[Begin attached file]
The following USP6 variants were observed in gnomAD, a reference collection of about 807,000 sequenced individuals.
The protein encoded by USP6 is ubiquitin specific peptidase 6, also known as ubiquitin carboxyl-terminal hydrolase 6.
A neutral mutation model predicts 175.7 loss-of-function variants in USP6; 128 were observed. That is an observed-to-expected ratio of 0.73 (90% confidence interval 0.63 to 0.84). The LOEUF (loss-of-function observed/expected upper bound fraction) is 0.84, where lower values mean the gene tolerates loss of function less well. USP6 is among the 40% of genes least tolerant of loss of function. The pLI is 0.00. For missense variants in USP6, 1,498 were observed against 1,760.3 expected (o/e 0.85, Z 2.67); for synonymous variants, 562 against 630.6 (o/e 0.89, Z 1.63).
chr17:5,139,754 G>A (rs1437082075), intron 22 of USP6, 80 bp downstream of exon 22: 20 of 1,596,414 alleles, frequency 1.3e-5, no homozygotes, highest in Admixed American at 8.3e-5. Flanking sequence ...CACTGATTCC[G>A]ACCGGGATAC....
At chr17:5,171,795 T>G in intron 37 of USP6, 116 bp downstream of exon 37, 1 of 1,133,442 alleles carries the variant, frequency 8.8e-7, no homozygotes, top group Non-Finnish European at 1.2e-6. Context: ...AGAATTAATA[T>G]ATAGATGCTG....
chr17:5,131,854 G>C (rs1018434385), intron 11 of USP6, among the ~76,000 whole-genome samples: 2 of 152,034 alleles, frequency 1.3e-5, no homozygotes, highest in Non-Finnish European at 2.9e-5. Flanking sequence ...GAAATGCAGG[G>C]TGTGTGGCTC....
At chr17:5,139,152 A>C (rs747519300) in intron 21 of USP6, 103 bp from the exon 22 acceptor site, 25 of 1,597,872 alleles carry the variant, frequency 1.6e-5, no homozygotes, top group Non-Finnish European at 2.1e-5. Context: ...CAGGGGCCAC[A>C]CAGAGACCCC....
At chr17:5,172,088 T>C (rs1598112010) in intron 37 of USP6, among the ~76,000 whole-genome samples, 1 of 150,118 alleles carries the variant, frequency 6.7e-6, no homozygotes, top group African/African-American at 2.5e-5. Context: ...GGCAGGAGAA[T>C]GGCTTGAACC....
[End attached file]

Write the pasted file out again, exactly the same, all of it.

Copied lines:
The following USP6 variants were observed in gnomAD, a reference collection of about 807,000 sequenced individuals.
The protein encoded by USP6 is ubiquitin specific peptidase 6, also known as ubiquitin carboxyl-terminal hydrolase 6.
A neutral mutation model predicts 175.7 loss-of-function variants in USP6; 128 were observed. That is an observed-to-expected ratio of 0.73 (90% confidence interval 0.63 to 0.84). The LOEUF (loss-of-function observed/expected upper bound fraction) is 0.84, where lower values mean the gene tolerates loss of function less well. USP6 is among the 40% of genes least tolerant of loss of function. The pLI is 0.00. For missense variants in USP6, 1,498 were observed against 1,760.3 expected (o/e 0.85, Z 2.67); for synonymous variants, 562 against 630.6 (o/e 0.89, Z 1.63).
chr17:5,139,754 G>A (rs1437082075), intron 22 of USP6, 80 bp downstream of exon 22: 20 of 1,596,414 alleles, frequency 1.3e-5, no homozygotes, highest in Admixed American at 8.3e-5. Flanking sequence ...CACTGATTCC[G>A]ACCGGGATAC....
At chr17:5,171,795 T>G in intron 37 of USP6, 116 bp downstream of exon 37, 1 of 1,133,442 alleles carries the variant, frequency 8.8e-7, no homozygotes, top group Non-Finnish European at 1.2e-6. Context: ...AGAATTAATA[T>G]ATAGATGCTG....
chr17:5,131,854 G>C (rs1018434385), intron 11 of USP6, among the ~76,000 whole-genome samples: 2 of 152,034 alleles, frequency 1.3e-5, no homozygotes, highest in Non-Finnish European at 2.9e-5. Flanking sequence ...GAAATGCAGG[G>C]TGTGTGGCTC....
At chr17:5,139,152 A>C (rs747519300) in intron 21 of USP6, 103 bp from the exon 22 acceptor site, 25 of 1,597,872 alleles carry the variant, frequency 1.6e-5, no homozygotes, top group Non-Finnish European at 2.1e-5. Context: ...CAGGGGCCAC[A>C]CAGAGACCCC....
At chr17:5,172,088 T>C (rs1598112010) in intron 37 of USP6, among the ~76,000 whole-genome samples, 1 of 150,118 alleles carries the variant, frequency 6.7e-6, no homozygotes, top group African/African-American at 2.5e-5. Context: ...GGCAGGAGAA[T>C]GGCTTGAACC....